Shell Processes   «Prev  Next»
Lesson 5 Parent and child processes
Objective Relationship between Parent and Child Processes

Relationship between Parent and Child Processes

When you run a program in your shell, a process is created. This new process is called a child process of the shell. The originating process (the shell from which you ran the command) is called the parent process of the child. When you run a new shell, you are creating a child process under the originating shell. Examine the SlideShow below to see an example of new processes being created as shells are run from the command line.

  1. Running the ps command shows that you are running 1 process
  2. The diagram reflects the processes you have running
  3. This is a child process under the Bourne shell in which it was created
  4. The diagram is updated to reflect the new process. It is a child of Bourne
  5. The C shell is now in the foreground and both the Korn and Bourne shells are in the background
  6. Diagram is updated to reflect new process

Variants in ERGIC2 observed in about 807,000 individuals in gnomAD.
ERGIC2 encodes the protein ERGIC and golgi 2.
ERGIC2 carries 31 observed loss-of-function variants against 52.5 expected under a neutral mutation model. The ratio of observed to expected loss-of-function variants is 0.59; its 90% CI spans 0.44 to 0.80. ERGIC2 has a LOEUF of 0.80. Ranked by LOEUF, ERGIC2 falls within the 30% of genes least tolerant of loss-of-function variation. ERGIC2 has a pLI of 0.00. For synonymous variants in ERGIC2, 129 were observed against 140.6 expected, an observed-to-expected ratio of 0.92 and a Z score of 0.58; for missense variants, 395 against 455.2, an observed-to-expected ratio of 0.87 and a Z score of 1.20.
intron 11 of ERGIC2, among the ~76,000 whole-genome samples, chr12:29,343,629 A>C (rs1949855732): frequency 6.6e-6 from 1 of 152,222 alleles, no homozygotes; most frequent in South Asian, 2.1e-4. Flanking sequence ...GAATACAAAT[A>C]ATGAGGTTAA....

7. Quit the C shell using the exit command

The ps –f command

The command ps –f lists all of the processes you are currently running. The–f displays a full list of information. This information includes the PID of the parent process, which is referred to as the PPID in the ps command output. Look at the sample ps –f command below. It reflects the processes created in the SlideShow above. Connecting lines are included in the command below to point out the relationship between the PID and PPID numbers. These lines are not normally part of the output, they are just used here for clarification.

In the listing above, the /bin/ksh process (PID 3723) was started from the /bin/sh process (PID 3707), so 3707 is listed as the PPID of 3723. The /bin/csh process (PID 3725) was started from the /bin/ksh process (PID 3723), so 3725 is listed as the PPID of 3725.
The next lesson examines three different techniques for running a shell script.

Unix Shell Programming